Uruguay To Sell Legal Marijuana At Low Price Of $2.5 Per Gram To Compete With Black Market
Category: News | Posted on Wed, August, 7th 2013 by THCFinder
Good news, Uruguayan potheads -- your weed habit is about to get a whole lot cheaper.
Uruguay's lower house passed an unprecedented bill last week that legalizes marijuana and regulates the production, distribution, and sale of weed for adult consumers. El Pais now reports via Univision that the bill fixes the price of marijuana around $2.50 per gram. The bill is up for vote in the Senate, where it is expected to be passed, and finally signed into law by President José Mujica, a longtime supporter of drug reform.
The debate surrounding the bill is nothing new: critics point to potential health and welfare consequences, while supporters hail the attempt to pragmatically address the widespread use of marijuana and the systemic failures of the global war on drugs. And as The Economist points out, countries like Portugal and the Netherlands have significantly decriminalized the possession and use of small amounts of pot.
What sets Uruguay's bill apart, however, is that it provides for government control over the entire marijuana industry, from cultivation to consumption. Individual citizens, cooperatives, and private companies can grow a specified amount of weed each month, though it may only be sold to consumers by state-run pharmacies. Purchasers will have to register with the state and will be limited to 40 grams per month.
Such regulations could deter Uruguay's 120,000 or so marijuana users from leaving the black market, which is where the price point comes into play. Foreign Policy's Park MacDougald notes that the government has two tools at its disposal to lure customers into the legal market it seeks to create: affordability and quality control. While InSight Crime reports that the current cost of pot varies by region and can reach up to about $5 per gram, Julio Calzada, Uruguay's drug czar, told El Pais that the proposed fixed price of $2.50 per gram is on par with the going underground rates, the hope being that the competitive pricing will attract users to the legal market without providing a profit incentive for resale in the black market.
Read more: http://www.huffingtonpost.com
Cannabis discovered growing in Newport council potted plants
A flower box in a public street in Wales has been found to have been growing weed among its flowers, sparking up an investigation by Newport Council to work out who planted them – and then harvested them before they could be removed by officials.
The BBC reports local businessman Dean Beddis spotted the illegal plants among begonias and petunias.
"I had never seen cannabis growing in the wild before so it was crazy to see it," Beddis told BBC.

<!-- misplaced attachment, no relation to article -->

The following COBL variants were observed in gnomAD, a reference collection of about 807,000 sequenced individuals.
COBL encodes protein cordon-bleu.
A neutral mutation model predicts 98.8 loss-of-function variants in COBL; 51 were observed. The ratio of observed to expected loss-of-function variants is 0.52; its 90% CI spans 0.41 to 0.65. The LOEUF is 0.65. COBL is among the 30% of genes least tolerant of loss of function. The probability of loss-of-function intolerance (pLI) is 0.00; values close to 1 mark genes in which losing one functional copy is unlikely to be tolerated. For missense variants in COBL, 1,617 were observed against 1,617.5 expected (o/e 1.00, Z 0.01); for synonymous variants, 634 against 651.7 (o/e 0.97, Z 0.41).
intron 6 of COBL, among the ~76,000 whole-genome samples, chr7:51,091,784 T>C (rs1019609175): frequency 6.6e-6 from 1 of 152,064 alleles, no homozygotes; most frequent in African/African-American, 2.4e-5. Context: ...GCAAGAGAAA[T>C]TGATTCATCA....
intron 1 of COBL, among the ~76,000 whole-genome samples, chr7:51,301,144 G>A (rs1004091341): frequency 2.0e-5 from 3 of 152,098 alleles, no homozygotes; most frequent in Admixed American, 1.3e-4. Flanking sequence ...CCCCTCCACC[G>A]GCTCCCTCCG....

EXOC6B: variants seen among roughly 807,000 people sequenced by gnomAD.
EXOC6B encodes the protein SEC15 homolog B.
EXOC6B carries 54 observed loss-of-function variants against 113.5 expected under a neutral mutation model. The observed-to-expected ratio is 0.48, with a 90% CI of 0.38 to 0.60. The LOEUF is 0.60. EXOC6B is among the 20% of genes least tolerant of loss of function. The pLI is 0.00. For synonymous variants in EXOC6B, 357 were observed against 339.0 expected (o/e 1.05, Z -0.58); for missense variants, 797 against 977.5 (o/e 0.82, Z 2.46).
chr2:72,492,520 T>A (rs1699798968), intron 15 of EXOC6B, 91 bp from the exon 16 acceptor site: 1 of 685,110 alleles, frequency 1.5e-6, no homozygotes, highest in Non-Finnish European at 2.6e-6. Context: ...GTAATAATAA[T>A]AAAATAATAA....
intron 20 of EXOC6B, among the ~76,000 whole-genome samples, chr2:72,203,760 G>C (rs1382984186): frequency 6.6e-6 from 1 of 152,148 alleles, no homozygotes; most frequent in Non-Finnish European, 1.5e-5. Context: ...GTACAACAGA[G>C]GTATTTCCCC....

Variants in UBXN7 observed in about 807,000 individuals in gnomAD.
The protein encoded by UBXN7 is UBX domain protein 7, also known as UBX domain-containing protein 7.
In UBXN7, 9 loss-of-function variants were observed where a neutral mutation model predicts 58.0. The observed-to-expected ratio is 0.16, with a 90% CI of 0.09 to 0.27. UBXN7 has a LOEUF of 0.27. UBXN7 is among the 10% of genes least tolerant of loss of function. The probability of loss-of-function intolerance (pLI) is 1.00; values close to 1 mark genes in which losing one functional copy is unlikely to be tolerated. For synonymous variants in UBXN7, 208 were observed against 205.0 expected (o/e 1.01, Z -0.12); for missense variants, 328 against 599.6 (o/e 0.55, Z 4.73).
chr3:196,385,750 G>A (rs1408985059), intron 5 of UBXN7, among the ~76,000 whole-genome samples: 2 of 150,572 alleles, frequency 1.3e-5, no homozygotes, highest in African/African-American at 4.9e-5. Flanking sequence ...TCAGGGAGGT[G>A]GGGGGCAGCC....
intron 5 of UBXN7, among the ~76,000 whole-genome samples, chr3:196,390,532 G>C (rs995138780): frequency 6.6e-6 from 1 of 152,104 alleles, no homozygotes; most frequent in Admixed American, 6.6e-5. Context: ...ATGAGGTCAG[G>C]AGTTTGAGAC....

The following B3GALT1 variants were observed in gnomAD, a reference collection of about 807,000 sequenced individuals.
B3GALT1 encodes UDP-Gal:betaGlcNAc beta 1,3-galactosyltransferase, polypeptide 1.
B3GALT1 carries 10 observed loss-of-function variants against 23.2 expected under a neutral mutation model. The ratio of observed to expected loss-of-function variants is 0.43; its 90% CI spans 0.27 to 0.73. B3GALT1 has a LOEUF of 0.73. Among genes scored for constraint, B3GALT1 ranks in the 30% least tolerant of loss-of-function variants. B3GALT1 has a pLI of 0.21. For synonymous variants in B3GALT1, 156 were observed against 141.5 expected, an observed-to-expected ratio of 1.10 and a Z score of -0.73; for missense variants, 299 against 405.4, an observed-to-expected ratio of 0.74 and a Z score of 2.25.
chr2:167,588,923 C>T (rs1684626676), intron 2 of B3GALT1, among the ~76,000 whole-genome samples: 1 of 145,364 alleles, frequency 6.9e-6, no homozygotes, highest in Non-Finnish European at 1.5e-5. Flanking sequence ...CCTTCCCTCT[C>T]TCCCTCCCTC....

"It's actually rather a beautiful plant and stood out wonderfully. But they have gone now. I don't know who took them."
Council officers are now scouring CCTV footage and getting the police involved.
While councillor Rhys Hutchings saw an amusing side.
"It's either kids or the Newport underworld community - I'm pretty sure it's not Alan Titchmarsh," he joked.
The Gwent Police admit they’ll struggle for a conviction now the plants are gone.
DEA Uses Spy Data To Launch Drug Investigations, Then Hide Their Origins
At an undisclosed location in Virginia, a publicity-shy DEA unit is feeding surveillance data from the National Security Agency (NSA), as well as wiretaps, informants, and a massive DEA phone record database, to law enforcement officials around the country to help them launch criminal investigations of American citizens. Reuters broke the story with an investigative report Monday.
Law enforcement has been directed to conceal how those investigations really began, deceiving not only defense attorneys, but also prosecutors and judges, raising serious questions about the propriety and even the constitutionality of the practice.
“The DEA increasingly qualifies as a rogue agency – one that Congress needs to immediately investigate,” said Ethan Nadelmann, executive director of the Drug Policy Alliance. “This latest scandal may well be just the tip of the iceberg,” he added, referring to the agency’s checkered past.
“It’s remarkable how little scrutiny the DEA faces from Congress or other federal overseers,” Nadelmann continued. “With an annual budget of over $2 billion as well as significant discretionary powers, DEA certainly merits a top-to-bottom review of its operations, expenditures and discretionary actions.”